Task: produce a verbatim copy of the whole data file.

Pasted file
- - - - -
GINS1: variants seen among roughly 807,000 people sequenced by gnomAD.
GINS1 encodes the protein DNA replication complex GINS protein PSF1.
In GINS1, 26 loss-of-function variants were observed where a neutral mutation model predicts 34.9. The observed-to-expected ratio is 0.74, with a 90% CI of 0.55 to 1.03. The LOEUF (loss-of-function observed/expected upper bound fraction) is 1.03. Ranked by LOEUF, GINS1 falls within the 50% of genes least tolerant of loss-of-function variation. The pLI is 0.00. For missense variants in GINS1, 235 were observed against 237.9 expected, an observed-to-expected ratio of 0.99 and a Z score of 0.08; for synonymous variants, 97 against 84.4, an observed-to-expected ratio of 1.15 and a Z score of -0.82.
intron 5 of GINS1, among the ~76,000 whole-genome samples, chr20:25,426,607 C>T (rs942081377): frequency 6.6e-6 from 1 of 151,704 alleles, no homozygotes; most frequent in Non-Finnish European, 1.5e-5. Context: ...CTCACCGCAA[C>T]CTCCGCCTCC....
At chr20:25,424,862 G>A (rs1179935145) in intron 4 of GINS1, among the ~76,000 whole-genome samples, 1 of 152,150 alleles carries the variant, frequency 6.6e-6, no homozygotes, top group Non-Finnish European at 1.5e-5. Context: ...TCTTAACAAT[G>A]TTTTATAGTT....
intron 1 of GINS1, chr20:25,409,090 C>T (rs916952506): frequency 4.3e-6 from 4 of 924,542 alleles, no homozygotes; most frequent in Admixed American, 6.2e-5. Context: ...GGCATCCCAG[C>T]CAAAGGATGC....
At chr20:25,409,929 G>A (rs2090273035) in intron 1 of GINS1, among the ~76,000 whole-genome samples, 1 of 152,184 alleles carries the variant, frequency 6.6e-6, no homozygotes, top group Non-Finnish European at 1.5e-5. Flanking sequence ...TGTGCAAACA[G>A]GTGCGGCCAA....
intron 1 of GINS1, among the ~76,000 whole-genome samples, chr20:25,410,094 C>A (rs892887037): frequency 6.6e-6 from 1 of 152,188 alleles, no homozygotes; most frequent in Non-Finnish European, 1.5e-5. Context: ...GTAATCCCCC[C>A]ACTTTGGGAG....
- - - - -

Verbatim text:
GINS1: variants seen among roughly 807,000 people sequenced by gnomAD.
GINS1 encodes the protein DNA replication complex GINS protein PSF1.
In GINS1, 26 loss-of-function variants were observed where a neutral mutation model predicts 34.9. The observed-to-expected ratio is 0.74, with a 90% CI of 0.55 to 1.03. The LOEUF (loss-of-function observed/expected upper bound fraction) is 1.03. Ranked by LOEUF, GINS1 falls within the 50% of genes least tolerant of loss-of-function variation. The pLI is 0.00. For missense variants in GINS1, 235 were observed against 237.9 expected, an observed-to-expected ratio of 0.99 and a Z score of 0.08; for synonymous variants, 97 against 84.4, an observed-to-expected ratio of 1.15 and a Z score of -0.82.
intron 5 of GINS1, among the ~76,000 whole-genome samples, chr20:25,426,607 C>T (rs942081377): frequency 6.6e-6 from 1 of 151,704 alleles, no homozygotes; most frequent in Non-Finnish European, 1.5e-5. Context: ...CTCACCGCAA[C>T]CTCCGCCTCC....
At chr20:25,424,862 G>A (rs1179935145) in intron 4 of GINS1, among the ~76,000 whole-genome samples, 1 of 152,150 alleles carries the variant, frequency 6.6e-6, no homozygotes, top group Non-Finnish European at 1.5e-5. Context: ...TCTTAACAAT[G>A]TTTTATAGTT....
intron 1 of GINS1, chr20:25,409,090 C>T (rs916952506): frequency 4.3e-6 from 4 of 924,542 alleles, no homozygotes; most frequent in Admixed American, 6.2e-5. Context: ...GGCATCCCAG[C>T]CAAAGGATGC....
At chr20:25,409,929 G>A (rs2090273035) in intron 1 of GINS1, among the ~76,000 whole-genome samples, 1 of 152,184 alleles carries the variant, frequency 6.6e-6, no homozygotes, top group Non-Finnish European at 1.5e-5. Flanking sequence ...TGTGCAAACA[G>A]GTGCGGCCAA....
intron 1 of GINS1, among the ~76,000 whole-genome samples, chr20:25,410,094 C>A (rs892887037): frequency 6.6e-6 from 1 of 152,188 alleles, no homozygotes; most frequent in Non-Finnish European, 1.5e-5. Context: ...GTAATCCCCC[C>A]ACTTTGGGAG....